5. Codes and Ciphers – Generally Not Allowed! • Want to communicate with the love of your life over the air by saying little code words that only the two of you can understand? Well, you’d better use the phone, because the transmission of codes or ciphers to hide the meaning of a message transmitted by an amateur station is generally not allowed. • But there are a couple of exceptions. As you will learn later, some amateurs have worked very hard to get amateur satellites into space for communications. These satellites have to be controlled from the ground. You’ll also learn that other hams use amateur radio to control radio-controlled models. As a result the FCC says that codes and ciphers may be used only when transmitting control commands to space stations (amateur satellites) or radio controlled model craft. (See §97.113(a)(4), 97.211(b), 97.217) Release 1.0 – September 2006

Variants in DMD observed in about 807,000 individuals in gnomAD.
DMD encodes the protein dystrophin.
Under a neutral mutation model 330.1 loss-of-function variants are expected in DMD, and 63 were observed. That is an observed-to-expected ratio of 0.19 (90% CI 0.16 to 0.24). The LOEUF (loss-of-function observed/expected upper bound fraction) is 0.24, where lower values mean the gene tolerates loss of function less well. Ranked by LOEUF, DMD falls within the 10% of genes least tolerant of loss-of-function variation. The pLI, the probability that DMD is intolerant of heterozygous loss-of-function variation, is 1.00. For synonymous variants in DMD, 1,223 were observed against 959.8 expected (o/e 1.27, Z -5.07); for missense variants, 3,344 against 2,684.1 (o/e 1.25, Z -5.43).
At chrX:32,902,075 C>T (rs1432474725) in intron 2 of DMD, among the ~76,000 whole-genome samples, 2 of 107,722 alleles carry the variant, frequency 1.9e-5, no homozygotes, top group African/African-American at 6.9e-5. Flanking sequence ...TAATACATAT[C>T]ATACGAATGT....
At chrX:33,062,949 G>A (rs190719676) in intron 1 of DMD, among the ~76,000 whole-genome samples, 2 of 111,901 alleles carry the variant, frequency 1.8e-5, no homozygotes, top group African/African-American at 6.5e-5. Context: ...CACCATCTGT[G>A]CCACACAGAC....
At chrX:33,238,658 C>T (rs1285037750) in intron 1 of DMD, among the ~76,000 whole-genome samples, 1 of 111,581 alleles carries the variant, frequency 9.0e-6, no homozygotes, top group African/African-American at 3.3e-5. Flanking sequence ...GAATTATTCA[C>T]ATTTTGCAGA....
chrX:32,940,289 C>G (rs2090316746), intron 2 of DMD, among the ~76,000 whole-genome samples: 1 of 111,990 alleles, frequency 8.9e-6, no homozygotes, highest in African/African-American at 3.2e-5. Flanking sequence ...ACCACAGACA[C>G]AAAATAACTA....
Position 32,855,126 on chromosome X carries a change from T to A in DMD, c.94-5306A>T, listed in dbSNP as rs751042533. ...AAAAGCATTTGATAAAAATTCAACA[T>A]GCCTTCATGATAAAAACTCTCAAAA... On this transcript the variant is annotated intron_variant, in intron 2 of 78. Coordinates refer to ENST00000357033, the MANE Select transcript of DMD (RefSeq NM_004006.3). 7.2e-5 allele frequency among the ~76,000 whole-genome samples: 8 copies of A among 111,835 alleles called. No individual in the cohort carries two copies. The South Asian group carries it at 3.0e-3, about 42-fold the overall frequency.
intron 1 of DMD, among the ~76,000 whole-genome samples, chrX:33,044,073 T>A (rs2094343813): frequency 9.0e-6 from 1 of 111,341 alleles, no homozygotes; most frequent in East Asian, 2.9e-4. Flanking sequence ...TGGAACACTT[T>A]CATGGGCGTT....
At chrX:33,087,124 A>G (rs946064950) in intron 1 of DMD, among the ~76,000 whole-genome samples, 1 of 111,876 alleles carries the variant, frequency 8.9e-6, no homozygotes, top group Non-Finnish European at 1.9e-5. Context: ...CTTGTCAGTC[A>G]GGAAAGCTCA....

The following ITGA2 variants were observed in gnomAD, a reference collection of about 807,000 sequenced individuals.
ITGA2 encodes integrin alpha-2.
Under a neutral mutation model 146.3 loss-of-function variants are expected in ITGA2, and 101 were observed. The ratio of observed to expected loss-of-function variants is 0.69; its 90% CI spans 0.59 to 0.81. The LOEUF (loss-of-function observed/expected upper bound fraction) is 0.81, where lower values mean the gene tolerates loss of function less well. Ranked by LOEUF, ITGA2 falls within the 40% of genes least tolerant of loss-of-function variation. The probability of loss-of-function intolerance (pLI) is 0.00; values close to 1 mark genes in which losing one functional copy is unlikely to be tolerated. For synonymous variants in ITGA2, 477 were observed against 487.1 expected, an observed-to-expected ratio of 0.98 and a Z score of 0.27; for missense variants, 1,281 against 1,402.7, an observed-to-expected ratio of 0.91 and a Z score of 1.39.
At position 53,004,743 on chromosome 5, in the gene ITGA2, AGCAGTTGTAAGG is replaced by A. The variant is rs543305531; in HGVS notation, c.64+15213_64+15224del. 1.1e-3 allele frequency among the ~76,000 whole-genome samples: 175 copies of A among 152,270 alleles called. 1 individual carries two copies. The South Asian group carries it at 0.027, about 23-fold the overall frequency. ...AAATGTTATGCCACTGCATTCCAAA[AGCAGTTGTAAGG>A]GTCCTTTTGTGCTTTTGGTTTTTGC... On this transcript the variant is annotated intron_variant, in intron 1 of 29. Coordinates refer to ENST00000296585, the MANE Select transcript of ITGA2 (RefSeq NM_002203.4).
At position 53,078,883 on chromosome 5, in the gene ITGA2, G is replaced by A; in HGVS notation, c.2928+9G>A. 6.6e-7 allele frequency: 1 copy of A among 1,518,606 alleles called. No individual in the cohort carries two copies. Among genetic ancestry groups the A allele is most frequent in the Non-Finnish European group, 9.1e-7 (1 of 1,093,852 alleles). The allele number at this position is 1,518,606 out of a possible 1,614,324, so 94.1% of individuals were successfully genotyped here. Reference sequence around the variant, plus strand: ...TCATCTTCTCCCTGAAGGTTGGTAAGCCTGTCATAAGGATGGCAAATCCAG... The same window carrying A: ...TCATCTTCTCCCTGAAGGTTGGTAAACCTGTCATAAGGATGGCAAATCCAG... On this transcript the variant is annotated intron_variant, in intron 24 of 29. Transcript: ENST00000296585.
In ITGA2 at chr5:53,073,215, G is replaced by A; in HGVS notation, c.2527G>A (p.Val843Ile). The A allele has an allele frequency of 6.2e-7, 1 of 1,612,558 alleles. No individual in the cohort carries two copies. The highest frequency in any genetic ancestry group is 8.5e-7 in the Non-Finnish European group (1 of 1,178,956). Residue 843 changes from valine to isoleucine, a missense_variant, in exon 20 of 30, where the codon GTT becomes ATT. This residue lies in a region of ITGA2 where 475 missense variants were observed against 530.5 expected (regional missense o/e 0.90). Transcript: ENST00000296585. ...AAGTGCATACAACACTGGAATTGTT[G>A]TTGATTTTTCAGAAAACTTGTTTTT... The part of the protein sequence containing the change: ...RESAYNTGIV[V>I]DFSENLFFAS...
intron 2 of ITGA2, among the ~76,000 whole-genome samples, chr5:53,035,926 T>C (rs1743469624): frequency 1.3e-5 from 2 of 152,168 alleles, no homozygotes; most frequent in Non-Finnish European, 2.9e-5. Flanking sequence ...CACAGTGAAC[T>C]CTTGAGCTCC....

6. Unidentified Communications • You may already be familiar with CB or Internet chat rooms where everyone has a handle and nobody goes by their real name, but that’s not the way it is with amateur radio. As a general rule, every amateur station must regularly identify itself, and this is usually done with the amateur call sign (more about that later), but there is another exception that applies to space stations and radio-controlled craft. The rule is that an amateur station may not generally transmit unidentified communications except when sent from a space station or to control a model craft. (See §97.119(b)) Release 1.0 – September 2006

  7. No False or Deceptive Signals • Another no-no is transmitting false or deceptive signals. For example, if you want to pretend to be a ham transmitting from a far away location, you can’t do it. An amateur may never transmit false or deceptive signals. (See §97.113(a)(4)) Release 1.0 – September 2006

  8. Watch Your Language! • As far as subject matter on the air, goes, there is really only one thing to remember. You can talk politics, discuss what your saw on TV last night, send Morse code practice, or talk about pretty much whatever you want to. However, the one thing you can never do is use indecent or obscene language. That has no place on the ham bands. (See §97.113(a)(4)) Release 1.0 – September 2006